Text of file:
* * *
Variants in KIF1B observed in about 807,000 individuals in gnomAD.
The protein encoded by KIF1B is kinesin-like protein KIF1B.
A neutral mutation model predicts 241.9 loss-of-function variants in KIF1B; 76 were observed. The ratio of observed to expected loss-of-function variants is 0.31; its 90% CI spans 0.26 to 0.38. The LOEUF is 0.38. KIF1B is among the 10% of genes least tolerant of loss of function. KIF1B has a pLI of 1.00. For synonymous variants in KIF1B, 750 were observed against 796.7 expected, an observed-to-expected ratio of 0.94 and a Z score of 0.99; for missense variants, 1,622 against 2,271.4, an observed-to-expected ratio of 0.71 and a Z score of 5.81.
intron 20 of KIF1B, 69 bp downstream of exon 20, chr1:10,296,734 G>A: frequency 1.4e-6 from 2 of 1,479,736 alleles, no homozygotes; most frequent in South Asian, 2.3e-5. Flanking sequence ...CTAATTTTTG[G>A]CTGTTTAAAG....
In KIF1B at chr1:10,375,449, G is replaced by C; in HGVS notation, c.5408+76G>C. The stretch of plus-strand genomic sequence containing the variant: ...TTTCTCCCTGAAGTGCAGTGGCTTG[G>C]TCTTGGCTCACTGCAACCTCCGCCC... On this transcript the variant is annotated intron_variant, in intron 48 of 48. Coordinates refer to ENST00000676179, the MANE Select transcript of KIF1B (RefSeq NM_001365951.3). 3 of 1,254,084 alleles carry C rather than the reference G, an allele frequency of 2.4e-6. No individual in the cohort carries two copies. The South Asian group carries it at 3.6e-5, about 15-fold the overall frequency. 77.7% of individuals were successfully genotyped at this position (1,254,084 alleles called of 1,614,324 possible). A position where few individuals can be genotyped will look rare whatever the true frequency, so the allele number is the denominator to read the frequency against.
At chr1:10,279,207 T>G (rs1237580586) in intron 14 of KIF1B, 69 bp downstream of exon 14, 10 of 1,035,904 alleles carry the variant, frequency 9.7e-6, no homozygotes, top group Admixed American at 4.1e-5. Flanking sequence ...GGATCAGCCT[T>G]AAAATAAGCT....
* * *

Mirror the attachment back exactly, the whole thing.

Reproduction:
Variants in KIF1B observed in about 807,000 individuals in gnomAD.
The protein encoded by KIF1B is kinesin-like protein KIF1B.
A neutral mutation model predicts 241.9 loss-of-function variants in KIF1B; 76 were observed. The ratio of observed to expected loss-of-function variants is 0.31; its 90% CI spans 0.26 to 0.38. The LOEUF is 0.38. KIF1B is among the 10% of genes least tolerant of loss of function. KIF1B has a pLI of 1.00. For synonymous variants in KIF1B, 750 were observed against 796.7 expected, an observed-to-expected ratio of 0.94 and a Z score of 0.99; for missense variants, 1,622 against 2,271.4, an observed-to-expected ratio of 0.71 and a Z score of 5.81.
intron 20 of KIF1B, 69 bp downstream of exon 20, chr1:10,296,734 G>A: frequency 1.4e-6 from 2 of 1,479,736 alleles, no homozygotes; most frequent in South Asian, 2.3e-5. Flanking sequence ...CTAATTTTTG[G>A]CTGTTTAAAG....
In KIF1B at chr1:10,375,449, G is replaced by C; in HGVS notation, c.5408+76G>C. The stretch of plus-strand genomic sequence containing the variant: ...TTTCTCCCTGAAGTGCAGTGGCTTG[G>C]TCTTGGCTCACTGCAACCTCCGCCC... On this transcript the variant is annotated intron_variant, in intron 48 of 48. Coordinates refer to ENST00000676179, the MANE Select transcript of KIF1B (RefSeq NM_001365951.3). 3 of 1,254,084 alleles carry C rather than the reference G, an allele frequency of 2.4e-6. No individual in the cohort carries two copies. The South Asian group carries it at 3.6e-5, about 15-fold the overall frequency. 77.7% of individuals were successfully genotyped at this position (1,254,084 alleles called of 1,614,324 possible). A position where few individuals can be genotyped will look rare whatever the true frequency, so the allele number is the denominator to read the frequency against.
At chr1:10,279,207 T>G (rs1237580586) in intron 14 of KIF1B, 69 bp downstream of exon 14, 10 of 1,035,904 alleles carry the variant, frequency 9.7e-6, no homozygotes, top group Admixed American at 4.1e-5. Flanking sequence ...GGATCAGCCT[T>G]AAAATAAGCT....